Archaeological Data

Very few remains of Herod’s enormous palace have been recovered. Bliss and Dickie in 1894 unearthed a wall in the Citadel from the Hasmonean period, which had been incorporated in a new structure. Excavating in the same area from 1934 to 1948, C. N. Johns discovered the Hasmonean and Herodian base of David’s Tower, which he identified with Phasael. The tower had been built into a previous Hasmonean wall as can be inferred from coins of Alexander Jannaeus discovered there. In 1968–69, R. Amiran and A. Eitan found the remains of a large tower preserved to a height of 10 feet. It was inside the Hasmonean fortification wall, which was also recognized by M. Broshi in 1971 when he excavated in the Armenian Garden; it was the same as the one Bliss and Dickie had previously identified. Altogether, it appears that the foundations were deep and that the palace complex was built on a platform at least 10 feet higher than the first Hasmonean construction. On the eastern side it extended probably to what is today the Street of the Armenian Patriarchate.

Implications for Jesus Research

Scholars are divided as to the location of the piaetońum,’ “prefectoral residence,” at the time Jesus was condemned by Pilate. The Gospels use this Latin term as well as the Greek lithosthioton, “stone paved area,” Hebrew gabbatha, “elevated place,” and Greek form bematos (from the Hebrew bema, “judicial bench” or “platform”), but do not indicate its location (Matt. 27:27; Mark 15:16; John 18:28, 33; 19:9, 13).

Herod’s palace was almost certainly the piaetolium in Jerusalem. According to Philo, Pilate resided in the palace at the occasion of the great feasts in the Holy City (Delegation to Gaius, chap. 38). Gessius Florus resided in the palace in May 66 just before the beginning of the First Jewish Revolt when he came to Jerusalem with murderous intentions and slaughtered 3,600 persons, including women and children (War 2, 14.8–9/301–8). Yet no specific evidence establishes that Pontius Pilate was residing in Herod’s palace when he condemned Jesus to be crucified. Herod’s palace was the normal prefectoral residence in Jerusalem; yet Pilate could have elected to stay in the Antonia at the time of Jesus’ last Passover (see ANTONIA, PAVEMENT). If Jesus was sentenced to death by Pilate at the palace, the most logical place would have been at its eastern gate opening on a square where the prefect would have had a bema or sella cuiulis, “judgment seat.” Those who defend this hypothesis interpret the “Upper Market Place” of Josephus (War 2, 14.9/305) as a “large city square next to the palace.” It is highly improbable that Herod would have planned a market place at one of the main gates of his palace, and that a prefect would have tolerated the gathering of crowds at his door on a regular and perhaps daily basis.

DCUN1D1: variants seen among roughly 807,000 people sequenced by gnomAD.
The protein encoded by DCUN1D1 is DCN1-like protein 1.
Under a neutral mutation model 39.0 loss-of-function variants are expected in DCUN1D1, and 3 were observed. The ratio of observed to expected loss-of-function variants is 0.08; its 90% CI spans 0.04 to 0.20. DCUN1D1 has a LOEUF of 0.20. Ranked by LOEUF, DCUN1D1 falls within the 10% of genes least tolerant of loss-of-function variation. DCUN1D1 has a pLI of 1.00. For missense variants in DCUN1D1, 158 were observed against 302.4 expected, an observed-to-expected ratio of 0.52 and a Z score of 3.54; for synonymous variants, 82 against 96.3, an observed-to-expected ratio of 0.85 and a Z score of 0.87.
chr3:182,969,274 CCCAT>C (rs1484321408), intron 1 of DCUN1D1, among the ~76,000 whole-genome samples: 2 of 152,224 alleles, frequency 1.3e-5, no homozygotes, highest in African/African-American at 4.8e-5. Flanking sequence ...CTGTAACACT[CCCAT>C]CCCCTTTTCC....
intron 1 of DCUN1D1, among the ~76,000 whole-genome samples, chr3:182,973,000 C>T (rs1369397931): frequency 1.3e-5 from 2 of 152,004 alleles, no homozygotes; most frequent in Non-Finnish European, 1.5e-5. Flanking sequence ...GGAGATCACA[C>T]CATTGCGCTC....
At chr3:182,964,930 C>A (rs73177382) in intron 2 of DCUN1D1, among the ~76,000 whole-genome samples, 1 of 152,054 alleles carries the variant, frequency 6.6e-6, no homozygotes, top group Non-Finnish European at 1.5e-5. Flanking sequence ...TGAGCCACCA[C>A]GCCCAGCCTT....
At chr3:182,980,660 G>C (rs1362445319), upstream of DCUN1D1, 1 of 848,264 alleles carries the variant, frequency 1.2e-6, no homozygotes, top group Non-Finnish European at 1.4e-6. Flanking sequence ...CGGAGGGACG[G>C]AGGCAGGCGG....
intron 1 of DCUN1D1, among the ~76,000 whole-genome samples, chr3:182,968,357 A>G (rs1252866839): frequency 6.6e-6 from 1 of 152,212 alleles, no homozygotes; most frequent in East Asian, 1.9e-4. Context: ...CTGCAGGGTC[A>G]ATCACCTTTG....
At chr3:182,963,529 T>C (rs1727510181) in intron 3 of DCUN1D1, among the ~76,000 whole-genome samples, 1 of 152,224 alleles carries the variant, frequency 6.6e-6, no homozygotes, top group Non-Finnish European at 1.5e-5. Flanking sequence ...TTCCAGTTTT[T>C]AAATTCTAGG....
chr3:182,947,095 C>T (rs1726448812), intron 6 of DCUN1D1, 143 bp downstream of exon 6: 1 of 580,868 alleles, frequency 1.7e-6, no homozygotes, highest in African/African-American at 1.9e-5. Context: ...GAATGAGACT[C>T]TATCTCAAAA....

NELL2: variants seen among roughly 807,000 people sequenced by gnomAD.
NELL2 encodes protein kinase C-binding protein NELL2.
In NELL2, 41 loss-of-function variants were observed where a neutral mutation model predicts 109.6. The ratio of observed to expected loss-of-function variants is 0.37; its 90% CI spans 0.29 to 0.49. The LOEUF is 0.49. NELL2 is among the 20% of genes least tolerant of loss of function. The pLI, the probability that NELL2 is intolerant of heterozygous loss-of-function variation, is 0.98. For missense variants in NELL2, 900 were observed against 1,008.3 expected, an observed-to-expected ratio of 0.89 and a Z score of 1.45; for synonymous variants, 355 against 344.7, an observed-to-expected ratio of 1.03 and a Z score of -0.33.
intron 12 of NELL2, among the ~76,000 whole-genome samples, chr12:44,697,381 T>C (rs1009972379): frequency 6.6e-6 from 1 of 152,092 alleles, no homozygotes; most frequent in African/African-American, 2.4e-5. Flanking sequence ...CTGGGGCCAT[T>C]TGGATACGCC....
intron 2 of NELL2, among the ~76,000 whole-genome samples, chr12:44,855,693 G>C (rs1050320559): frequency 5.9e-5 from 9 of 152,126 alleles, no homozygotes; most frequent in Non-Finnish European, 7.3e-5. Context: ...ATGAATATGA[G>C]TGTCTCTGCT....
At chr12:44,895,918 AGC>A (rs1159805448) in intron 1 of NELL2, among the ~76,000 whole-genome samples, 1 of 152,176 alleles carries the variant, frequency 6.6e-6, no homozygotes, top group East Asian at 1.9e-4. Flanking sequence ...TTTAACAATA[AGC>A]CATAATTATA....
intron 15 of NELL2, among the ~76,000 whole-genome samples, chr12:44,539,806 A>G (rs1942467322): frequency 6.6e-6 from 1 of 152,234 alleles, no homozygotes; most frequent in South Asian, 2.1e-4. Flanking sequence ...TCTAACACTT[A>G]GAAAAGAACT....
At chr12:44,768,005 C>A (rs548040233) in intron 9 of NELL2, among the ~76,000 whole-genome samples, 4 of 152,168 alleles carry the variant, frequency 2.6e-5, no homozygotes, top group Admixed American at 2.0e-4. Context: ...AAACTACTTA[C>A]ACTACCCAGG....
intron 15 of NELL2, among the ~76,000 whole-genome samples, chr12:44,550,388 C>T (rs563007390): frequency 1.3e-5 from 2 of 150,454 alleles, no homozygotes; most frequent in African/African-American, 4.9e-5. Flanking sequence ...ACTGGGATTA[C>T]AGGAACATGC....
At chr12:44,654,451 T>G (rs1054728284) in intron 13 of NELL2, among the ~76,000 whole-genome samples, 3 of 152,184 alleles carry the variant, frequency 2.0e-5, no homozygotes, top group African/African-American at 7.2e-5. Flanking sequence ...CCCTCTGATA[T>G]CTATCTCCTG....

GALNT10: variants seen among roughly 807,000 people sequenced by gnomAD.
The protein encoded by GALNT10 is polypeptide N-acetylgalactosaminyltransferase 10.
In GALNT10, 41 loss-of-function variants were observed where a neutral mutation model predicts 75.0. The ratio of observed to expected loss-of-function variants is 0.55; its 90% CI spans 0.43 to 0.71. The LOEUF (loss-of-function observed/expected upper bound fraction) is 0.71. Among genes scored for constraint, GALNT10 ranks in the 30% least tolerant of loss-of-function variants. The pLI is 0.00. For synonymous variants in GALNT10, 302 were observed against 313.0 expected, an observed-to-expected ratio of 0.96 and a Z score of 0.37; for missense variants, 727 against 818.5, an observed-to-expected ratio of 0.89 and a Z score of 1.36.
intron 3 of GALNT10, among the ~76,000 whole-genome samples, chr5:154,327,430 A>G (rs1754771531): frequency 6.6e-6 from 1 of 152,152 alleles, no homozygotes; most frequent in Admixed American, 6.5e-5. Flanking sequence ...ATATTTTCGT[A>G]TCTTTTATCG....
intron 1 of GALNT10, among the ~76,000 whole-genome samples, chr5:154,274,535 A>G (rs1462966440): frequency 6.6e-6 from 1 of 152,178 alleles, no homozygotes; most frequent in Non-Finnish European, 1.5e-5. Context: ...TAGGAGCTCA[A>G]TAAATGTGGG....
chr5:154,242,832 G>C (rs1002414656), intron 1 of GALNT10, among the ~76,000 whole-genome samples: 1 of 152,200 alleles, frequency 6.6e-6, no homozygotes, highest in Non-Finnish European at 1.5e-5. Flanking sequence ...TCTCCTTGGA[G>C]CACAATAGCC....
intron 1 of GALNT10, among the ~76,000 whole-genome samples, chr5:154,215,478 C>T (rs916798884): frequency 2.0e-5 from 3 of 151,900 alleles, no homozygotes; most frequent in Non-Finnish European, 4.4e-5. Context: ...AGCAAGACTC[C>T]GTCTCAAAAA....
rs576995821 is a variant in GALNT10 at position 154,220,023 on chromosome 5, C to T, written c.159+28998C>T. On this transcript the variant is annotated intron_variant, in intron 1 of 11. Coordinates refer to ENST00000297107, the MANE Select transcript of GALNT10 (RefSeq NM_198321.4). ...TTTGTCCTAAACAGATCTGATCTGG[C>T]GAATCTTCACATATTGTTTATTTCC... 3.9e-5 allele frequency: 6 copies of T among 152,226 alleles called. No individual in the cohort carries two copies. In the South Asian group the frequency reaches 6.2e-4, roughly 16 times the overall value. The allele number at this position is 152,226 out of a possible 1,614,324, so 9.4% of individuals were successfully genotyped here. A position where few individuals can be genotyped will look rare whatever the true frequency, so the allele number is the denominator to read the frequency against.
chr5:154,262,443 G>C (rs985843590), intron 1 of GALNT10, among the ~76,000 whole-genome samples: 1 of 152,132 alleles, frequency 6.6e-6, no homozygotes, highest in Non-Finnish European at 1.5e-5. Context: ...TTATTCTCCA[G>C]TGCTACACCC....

Amiran, R. and A. Eitan. “Excavations in the Citadel, Jerusalem, 1968–1969.” Preliminary Report. Eietz Israel 11 (1973): 213–18 (Hebrew).

Geva, H. “Jerusalem.” NEAEHL 2:725–29.

Levine, L. I. “Symposium. Herod’s Building Projects: Toward an Appraisal of Herod as a Builder.” The Jerusalem Cathedra 1 (1981): 62–66.

Netzer, E. “Herod’s Building Program.” ABD 3:169–72.


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Jesus and His World: An Archaeological and Cultural Dictionary
Table of contents

Table of contents

  • Map of Palestine Key v
  • Title Page ix
  • Contents xi